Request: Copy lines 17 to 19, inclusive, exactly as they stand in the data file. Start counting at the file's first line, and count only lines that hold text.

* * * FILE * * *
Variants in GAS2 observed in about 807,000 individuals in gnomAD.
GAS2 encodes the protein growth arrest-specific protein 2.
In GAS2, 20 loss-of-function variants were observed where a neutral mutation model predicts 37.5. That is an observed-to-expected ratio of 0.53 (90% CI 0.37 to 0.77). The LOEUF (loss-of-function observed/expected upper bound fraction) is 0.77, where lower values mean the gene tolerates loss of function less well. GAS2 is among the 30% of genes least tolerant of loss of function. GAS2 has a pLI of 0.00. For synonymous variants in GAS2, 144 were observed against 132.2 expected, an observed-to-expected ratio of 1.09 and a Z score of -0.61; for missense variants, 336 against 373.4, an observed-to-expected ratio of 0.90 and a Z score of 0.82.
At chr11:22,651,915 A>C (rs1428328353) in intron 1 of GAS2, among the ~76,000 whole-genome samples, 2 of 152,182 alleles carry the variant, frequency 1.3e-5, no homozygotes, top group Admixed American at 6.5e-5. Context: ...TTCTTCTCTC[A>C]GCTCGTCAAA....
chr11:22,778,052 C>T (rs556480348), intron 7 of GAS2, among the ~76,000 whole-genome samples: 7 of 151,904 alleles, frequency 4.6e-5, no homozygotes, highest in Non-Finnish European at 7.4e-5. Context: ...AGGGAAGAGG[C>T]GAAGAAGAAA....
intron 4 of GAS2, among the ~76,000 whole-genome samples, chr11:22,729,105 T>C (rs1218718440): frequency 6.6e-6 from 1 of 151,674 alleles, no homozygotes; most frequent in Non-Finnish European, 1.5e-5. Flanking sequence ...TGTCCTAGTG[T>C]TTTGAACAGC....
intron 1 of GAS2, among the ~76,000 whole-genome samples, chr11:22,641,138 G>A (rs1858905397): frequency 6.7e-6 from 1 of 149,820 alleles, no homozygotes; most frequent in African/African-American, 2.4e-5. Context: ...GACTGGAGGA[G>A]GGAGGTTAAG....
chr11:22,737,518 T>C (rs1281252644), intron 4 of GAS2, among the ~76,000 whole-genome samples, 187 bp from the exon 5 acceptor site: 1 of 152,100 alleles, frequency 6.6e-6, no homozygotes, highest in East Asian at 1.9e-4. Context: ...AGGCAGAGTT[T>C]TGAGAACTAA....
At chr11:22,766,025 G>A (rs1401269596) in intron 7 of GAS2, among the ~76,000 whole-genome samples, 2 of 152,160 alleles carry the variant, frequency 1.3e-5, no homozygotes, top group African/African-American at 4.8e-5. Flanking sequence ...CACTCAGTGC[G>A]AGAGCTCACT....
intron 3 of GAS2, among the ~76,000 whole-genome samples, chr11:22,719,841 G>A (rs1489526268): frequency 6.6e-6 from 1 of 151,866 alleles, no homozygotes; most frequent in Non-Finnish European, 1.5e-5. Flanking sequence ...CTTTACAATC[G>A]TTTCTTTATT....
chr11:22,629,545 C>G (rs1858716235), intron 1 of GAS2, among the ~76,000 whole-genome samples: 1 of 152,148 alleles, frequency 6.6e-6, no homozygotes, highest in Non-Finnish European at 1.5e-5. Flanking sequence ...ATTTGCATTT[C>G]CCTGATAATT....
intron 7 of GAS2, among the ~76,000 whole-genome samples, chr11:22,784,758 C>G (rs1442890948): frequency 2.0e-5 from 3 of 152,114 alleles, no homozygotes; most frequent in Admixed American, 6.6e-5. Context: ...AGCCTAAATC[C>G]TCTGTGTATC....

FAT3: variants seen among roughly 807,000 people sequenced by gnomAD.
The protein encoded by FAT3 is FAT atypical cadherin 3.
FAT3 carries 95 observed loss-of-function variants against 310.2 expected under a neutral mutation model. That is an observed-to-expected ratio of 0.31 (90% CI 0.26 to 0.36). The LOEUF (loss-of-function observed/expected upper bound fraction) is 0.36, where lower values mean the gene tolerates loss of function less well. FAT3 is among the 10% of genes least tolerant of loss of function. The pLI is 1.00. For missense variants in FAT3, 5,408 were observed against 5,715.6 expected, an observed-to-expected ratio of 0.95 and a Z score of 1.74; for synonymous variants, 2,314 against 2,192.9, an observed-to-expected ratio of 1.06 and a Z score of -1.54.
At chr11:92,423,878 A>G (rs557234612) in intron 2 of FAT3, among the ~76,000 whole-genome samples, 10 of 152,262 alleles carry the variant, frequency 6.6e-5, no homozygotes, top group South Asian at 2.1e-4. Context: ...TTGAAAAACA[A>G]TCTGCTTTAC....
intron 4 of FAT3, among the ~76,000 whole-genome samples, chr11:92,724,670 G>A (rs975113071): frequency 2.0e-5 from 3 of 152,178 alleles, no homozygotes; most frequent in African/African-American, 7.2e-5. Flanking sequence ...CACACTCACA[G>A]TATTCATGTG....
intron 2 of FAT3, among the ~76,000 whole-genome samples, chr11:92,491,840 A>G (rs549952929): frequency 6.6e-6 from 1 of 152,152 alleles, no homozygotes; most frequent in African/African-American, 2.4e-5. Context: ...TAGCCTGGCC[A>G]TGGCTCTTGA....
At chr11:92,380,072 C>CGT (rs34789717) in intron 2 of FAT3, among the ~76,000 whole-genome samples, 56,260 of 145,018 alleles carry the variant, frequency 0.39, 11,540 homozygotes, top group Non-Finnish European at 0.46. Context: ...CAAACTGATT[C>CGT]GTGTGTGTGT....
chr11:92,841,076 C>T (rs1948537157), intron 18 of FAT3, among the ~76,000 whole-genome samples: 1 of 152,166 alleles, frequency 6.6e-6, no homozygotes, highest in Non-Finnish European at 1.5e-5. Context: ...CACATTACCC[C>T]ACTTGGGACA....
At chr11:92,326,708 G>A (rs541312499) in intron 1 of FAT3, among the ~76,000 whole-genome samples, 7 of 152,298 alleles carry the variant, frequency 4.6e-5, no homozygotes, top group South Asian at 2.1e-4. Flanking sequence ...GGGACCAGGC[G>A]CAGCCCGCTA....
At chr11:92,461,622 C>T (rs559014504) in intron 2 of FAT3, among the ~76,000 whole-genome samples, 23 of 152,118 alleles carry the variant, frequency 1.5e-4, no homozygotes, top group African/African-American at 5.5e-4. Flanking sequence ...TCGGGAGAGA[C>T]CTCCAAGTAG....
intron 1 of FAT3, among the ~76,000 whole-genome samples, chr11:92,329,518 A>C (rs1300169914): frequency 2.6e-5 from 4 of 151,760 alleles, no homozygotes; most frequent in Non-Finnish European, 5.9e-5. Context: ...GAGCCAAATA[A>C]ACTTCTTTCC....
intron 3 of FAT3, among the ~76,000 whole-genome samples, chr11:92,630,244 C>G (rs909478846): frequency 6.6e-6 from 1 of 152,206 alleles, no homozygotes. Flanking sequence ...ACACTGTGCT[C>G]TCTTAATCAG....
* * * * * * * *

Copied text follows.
intron 4 of FAT3, among the ~76,000 whole-genome samples, chr11:92,724,670 G>A (rs975113071): frequency 2.0e-5 from 3 of 152,178 alleles, no homozygotes; most frequent in African/African-American, 7.2e-5. Flanking sequence ...CACACTCACA[G>A]TATTCATGTG....
intron 2 of FAT3, among the ~76,000 whole-genome samples, chr11:92,491,840 A>G (rs549952929): frequency 6.6e-6 from 1 of 152,152 alleles, no homozygotes; most frequent in African/African-American, 2.4e-5. Context: ...TAGCCTGGCC[A>G]TGGCTCTTGA....
At chr11:92,380,072 C>CGT (rs34789717) in intron 2 of FAT3, among the ~76,000 whole-genome samples, 56,260 of 145,018 alleles carry the variant, frequency 0.39, 11,540 homozygotes, top group Non-Finnish European at 0.46. Context: ...CAAACTGATT[C>CGT]GTGTGTGTGT....